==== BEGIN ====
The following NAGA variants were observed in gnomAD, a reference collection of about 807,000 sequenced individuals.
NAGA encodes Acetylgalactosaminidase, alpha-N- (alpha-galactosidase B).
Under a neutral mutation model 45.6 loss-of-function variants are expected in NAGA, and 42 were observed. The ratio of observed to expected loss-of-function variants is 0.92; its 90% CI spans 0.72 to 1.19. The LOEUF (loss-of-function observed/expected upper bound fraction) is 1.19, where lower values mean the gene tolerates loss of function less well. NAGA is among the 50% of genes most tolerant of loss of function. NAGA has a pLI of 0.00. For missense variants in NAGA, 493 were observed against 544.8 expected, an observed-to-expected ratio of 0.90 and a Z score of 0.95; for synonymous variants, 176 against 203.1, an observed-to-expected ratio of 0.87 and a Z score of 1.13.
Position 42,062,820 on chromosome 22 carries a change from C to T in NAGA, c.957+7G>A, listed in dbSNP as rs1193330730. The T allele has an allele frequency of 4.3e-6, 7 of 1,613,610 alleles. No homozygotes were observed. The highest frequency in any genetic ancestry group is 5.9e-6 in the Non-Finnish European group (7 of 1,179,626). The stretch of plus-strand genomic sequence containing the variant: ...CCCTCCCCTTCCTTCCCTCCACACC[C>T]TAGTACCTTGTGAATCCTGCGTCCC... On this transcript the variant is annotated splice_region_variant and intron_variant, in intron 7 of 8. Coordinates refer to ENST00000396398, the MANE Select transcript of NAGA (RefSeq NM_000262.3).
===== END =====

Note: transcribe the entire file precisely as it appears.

The following NAGA variants were observed in gnomAD, a reference collection of about 807,000 sequenced individuals.
NAGA encodes Acetylgalactosaminidase, alpha-N- (alpha-galactosidase B).
Under a neutral mutation model 45.6 loss-of-function variants are expected in NAGA, and 42 were observed. The ratio of observed to expected loss-of-function variants is 0.92; its 90% CI spans 0.72 to 1.19. The LOEUF (loss-of-function observed/expected upper bound fraction) is 1.19, where lower values mean the gene tolerates loss of function less well. NAGA is among the 50% of genes most tolerant of loss of function. NAGA has a pLI of 0.00. For missense variants in NAGA, 493 were observed against 544.8 expected, an observed-to-expected ratio of 0.90 and a Z score of 0.95; for synonymous variants, 176 against 203.1, an observed-to-expected ratio of 0.87 and a Z score of 1.13.
Position 42,062,820 on chromosome 22 carries a change from C to T in NAGA, c.957+7G>A, listed in dbSNP as rs1193330730. The T allele has an allele frequency of 4.3e-6, 7 of 1,613,610 alleles. No homozygotes were observed. The highest frequency in any genetic ancestry group is 5.9e-6 in the Non-Finnish European group (7 of 1,179,626). The stretch of plus-strand genomic sequence containing the variant: ...CCCTCCCCTTCCTTCCCTCCACACC[C>T]TAGTACCTTGTGAATCCTGCGTCCC... On this transcript the variant is annotated splice_region_variant and intron_variant, in intron 7 of 8. Coordinates refer to ENST00000396398, the MANE Select transcript of NAGA (RefSeq NM_000262.3).